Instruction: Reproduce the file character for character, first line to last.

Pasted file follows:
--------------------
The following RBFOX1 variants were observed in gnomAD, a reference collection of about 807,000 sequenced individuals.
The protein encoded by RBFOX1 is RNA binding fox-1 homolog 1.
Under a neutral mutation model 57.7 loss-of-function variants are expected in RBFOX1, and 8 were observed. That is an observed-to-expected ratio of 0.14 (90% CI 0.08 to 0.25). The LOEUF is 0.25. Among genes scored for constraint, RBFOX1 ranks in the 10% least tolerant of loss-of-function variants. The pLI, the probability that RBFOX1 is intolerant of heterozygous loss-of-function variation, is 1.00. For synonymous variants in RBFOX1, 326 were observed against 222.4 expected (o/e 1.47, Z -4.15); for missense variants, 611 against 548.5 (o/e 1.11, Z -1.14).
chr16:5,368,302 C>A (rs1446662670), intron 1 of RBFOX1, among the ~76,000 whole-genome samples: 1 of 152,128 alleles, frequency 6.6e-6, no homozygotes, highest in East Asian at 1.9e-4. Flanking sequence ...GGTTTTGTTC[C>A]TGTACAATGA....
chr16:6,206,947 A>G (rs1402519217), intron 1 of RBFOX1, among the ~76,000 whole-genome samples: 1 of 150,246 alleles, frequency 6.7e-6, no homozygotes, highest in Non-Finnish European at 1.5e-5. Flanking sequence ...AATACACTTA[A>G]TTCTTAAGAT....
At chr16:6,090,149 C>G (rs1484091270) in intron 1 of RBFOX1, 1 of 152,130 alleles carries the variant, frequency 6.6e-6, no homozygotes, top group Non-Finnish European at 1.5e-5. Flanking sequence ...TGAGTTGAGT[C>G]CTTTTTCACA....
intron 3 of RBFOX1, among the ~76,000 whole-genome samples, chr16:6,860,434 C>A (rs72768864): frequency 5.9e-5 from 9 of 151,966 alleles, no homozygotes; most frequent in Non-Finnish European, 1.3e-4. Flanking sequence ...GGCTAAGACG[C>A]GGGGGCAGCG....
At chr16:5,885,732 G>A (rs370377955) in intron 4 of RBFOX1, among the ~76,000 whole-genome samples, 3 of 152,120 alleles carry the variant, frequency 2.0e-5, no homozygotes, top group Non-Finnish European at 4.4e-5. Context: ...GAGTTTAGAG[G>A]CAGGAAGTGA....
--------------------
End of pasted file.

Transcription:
The following RBFOX1 variants were observed in gnomAD, a reference collection of about 807,000 sequenced individuals.
The protein encoded by RBFOX1 is RNA binding fox-1 homolog 1.
Under a neutral mutation model 57.7 loss-of-function variants are expected in RBFOX1, and 8 were observed. That is an observed-to-expected ratio of 0.14 (90% CI 0.08 to 0.25). The LOEUF is 0.25. Among genes scored for constraint, RBFOX1 ranks in the 10% least tolerant of loss-of-function variants. The pLI, the probability that RBFOX1 is intolerant of heterozygous loss-of-function variation, is 1.00. For synonymous variants in RBFOX1, 326 were observed against 222.4 expected (o/e 1.47, Z -4.15); for missense variants, 611 against 548.5 (o/e 1.11, Z -1.14).
chr16:5,368,302 C>A (rs1446662670), intron 1 of RBFOX1, among the ~76,000 whole-genome samples: 1 of 152,128 alleles, frequency 6.6e-6, no homozygotes, highest in East Asian at 1.9e-4. Flanking sequence ...GGTTTTGTTC[C>A]TGTACAATGA....
chr16:6,206,947 A>G (rs1402519217), intron 1 of RBFOX1, among the ~76,000 whole-genome samples: 1 of 150,246 alleles, frequency 6.7e-6, no homozygotes, highest in Non-Finnish European at 1.5e-5. Flanking sequence ...AATACACTTA[A>G]TTCTTAAGAT....
At chr16:6,090,149 C>G (rs1484091270) in intron 1 of RBFOX1, 1 of 152,130 alleles carries the variant, frequency 6.6e-6, no homozygotes, top group Non-Finnish European at 1.5e-5. Flanking sequence ...TGAGTTGAGT[C>G]CTTTTTCACA....
intron 3 of RBFOX1, among the ~76,000 whole-genome samples, chr16:6,860,434 C>A (rs72768864): frequency 5.9e-5 from 9 of 151,966 alleles, no homozygotes; most frequent in Non-Finnish European, 1.3e-4. Flanking sequence ...GGCTAAGACG[C>A]GGGGGCAGCG....
At chr16:5,885,732 G>A (rs370377955) in intron 4 of RBFOX1, among the ~76,000 whole-genome samples, 3 of 152,120 alleles carry the variant, frequency 2.0e-5, no homozygotes, top group Non-Finnish European at 4.4e-5. Context: ...GAGTTTAGAG[G>A]CAGGAAGTGA....